Forum for Science, Industry and Business

Sponsored by:     3M 
Search our Site:

 

Time for universal water metering?

26.05.2006


With recent announcements of potential impending water shortages, everyone is being urged to do their bit to avert further draconian measures. Yet, according to OFWAT, the government’s water industry regulator, less than 30 percent of households in the UK have metered water supply. The other seventy percent can use as much water as they want, with few limits in a normal year and not that many at the moment given the current drought. So is it time for universal water metering? Dr Jonathan Chenoweth of the Centre for Environmental Strategy at the University of Surrey argues the case.



Imagine the situation: Rises in the price of petrol have an unequal impact on society. Price rises force car-dependent people on low incomes to spend a disproportionate percentage of their income on what for many is a basic need. Meanwhile, the wealthy notice little effect on their household budgets. Clearly, the government should deal with this inequity. One solution would be to make people pay a set fee for petrol based not on consumption, but on their ability to pay. All car users could pay a set percentage of their income towards petrol supply and petrol could then be made available to all car users as needed. Travel would become more affordable for the poor and a major social inequity solved. Would this be a much fairer and more efficient way to manage petrol consumption than our present system?

Introducing un-metered petrol supply across Britain and expecting people not to waste petrol would, of course, be absurd. Fortunately, despite the unequal effects of recent petrol price rises, the idea is not under consideration. No one would ever promote the unrestrained use of a limited, scarce resource, whose use has major environmental impacts. And yet, in the case of water, this is exactly what is happening in 70% of UK households.


Replacing the washer of a leaking tap is an easy DIY job costing next to nothing, but why bother? There is little point buying any water efficient appliance either. Under the current system it would be far better financially to put the money saved by buying a cheaper but water-inefficient washing machine towards a more fuel-efficient car. The current system suggests to consumers of water that it is not a scarce resource and there is little point in trying to conserve it.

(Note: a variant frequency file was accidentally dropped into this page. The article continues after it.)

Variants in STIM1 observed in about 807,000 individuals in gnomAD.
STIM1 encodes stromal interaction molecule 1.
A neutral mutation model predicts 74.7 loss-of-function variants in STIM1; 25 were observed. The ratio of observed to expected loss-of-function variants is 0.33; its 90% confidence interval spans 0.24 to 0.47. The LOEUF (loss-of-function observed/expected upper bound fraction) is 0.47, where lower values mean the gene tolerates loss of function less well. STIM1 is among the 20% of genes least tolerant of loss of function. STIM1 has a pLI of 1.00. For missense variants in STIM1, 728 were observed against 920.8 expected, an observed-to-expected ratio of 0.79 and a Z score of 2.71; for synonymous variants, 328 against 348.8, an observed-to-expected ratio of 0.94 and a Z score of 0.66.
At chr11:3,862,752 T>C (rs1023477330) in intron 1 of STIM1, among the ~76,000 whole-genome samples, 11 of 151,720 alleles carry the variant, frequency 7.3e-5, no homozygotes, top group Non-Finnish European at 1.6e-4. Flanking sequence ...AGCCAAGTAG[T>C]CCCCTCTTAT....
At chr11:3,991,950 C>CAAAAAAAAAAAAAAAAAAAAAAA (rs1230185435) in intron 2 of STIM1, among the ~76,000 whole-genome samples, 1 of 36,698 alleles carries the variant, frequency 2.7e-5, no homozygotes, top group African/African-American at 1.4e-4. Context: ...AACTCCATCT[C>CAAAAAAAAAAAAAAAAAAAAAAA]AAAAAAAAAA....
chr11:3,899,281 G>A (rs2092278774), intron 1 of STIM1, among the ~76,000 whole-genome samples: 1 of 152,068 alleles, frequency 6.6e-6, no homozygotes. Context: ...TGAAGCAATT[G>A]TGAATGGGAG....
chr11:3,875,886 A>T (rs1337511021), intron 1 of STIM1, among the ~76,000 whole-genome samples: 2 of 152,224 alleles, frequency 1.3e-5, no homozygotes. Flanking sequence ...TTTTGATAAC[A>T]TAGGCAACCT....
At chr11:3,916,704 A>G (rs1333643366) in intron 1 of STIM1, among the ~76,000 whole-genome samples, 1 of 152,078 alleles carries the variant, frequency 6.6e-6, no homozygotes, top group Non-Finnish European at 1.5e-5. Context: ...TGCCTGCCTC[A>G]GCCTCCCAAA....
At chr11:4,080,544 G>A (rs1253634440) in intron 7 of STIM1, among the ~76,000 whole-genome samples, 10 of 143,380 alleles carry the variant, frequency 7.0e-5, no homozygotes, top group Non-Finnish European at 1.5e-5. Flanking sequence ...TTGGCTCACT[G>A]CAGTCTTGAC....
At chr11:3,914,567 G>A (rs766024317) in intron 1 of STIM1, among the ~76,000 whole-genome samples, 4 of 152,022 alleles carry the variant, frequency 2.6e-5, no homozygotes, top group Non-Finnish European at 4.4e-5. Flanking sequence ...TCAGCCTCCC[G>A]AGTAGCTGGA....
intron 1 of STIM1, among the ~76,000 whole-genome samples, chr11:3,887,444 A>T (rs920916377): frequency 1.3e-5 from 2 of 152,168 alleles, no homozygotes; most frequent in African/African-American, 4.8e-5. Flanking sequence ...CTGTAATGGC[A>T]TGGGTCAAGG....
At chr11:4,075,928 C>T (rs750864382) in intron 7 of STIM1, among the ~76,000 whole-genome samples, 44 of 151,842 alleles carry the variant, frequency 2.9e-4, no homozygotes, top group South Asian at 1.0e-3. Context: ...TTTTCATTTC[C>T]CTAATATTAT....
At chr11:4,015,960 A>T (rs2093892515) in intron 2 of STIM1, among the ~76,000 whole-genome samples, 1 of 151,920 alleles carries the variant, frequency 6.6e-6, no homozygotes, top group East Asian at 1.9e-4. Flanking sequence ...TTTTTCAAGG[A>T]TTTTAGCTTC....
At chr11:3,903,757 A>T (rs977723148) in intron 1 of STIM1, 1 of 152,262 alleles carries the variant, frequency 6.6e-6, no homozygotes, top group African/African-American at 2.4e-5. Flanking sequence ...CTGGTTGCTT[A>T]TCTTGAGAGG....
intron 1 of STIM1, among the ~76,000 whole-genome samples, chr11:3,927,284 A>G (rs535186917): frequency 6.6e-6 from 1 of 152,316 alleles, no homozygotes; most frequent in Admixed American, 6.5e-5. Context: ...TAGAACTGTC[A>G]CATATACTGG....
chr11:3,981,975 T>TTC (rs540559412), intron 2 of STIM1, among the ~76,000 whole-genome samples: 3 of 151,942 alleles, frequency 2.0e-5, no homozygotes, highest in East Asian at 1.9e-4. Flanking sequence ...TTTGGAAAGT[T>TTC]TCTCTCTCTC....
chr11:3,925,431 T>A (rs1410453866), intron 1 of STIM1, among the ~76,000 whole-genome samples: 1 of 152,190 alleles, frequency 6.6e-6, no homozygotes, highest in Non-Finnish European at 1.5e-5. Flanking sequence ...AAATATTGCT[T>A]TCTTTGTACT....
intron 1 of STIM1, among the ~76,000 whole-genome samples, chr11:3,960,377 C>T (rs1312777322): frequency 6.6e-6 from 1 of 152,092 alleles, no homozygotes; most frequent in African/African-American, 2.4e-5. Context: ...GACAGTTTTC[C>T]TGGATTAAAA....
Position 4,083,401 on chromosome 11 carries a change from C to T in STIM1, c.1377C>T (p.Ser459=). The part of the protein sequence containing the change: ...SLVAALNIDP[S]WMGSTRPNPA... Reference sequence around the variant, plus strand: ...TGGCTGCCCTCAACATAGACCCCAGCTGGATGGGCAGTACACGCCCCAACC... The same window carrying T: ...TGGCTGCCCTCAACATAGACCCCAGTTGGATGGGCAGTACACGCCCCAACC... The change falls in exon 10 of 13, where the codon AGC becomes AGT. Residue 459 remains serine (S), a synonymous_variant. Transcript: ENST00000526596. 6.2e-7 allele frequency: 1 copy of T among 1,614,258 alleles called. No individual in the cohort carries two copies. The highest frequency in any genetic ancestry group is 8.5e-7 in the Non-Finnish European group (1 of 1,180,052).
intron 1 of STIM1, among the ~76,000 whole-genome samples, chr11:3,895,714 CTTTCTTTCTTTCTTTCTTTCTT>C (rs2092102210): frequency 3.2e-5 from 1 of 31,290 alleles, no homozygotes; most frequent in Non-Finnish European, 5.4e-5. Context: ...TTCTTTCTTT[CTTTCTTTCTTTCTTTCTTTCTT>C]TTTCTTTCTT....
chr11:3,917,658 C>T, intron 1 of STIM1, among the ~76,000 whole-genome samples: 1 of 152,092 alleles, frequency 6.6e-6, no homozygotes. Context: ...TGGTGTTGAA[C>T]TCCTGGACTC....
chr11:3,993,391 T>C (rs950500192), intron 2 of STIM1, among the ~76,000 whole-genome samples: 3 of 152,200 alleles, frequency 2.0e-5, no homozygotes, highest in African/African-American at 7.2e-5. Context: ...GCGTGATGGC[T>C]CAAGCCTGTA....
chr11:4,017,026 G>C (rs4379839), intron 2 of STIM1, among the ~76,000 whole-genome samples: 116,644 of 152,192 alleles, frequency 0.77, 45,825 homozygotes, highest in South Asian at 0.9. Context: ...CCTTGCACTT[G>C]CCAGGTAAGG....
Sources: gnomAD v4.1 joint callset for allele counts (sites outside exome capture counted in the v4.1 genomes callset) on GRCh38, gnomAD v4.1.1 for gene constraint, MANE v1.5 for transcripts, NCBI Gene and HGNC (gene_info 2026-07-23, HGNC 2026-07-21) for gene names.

In most countries with scarce water there is universal water metering. However, moves towards universal metering raise serious issues of equality and the potential impact on those with the least ability to pay. No-one in a wealthy country like Britain should ever be denied access to water because of poverty, and no-one should be forced into water poverty – i.e. being forced to spend a disproportionate percentage of their income meeting their basic water needs. A study by the Department for Environment, Food and Rural Affairs done in 2004 found that the poorest households, such as single pensioners living on the minimum pension credit allowance, spend approximately five percent of their income paying an average water bill, whereas the average household spends only one percent. Clearly, the current system has its own inequalities.

A move towards universal water metering need not come at the expense of equality, but could be done in such a way that ensures those with the least ability to pay are not denied access to water for basic human needs. One way of doing this is to give all households a free (or nearly free) basic minimum water allocation and couple this with price-escalating charging for all consumption above this level. Charging could thus be set so that average water consumers meet the real costs of supply, while households with excessive water consumption would, in effect, subsidise very frugal households using only their basic minimum allocation. Excessive water users would also have a real incentive to use less as the more water used, the more would be paid for each litre of water received.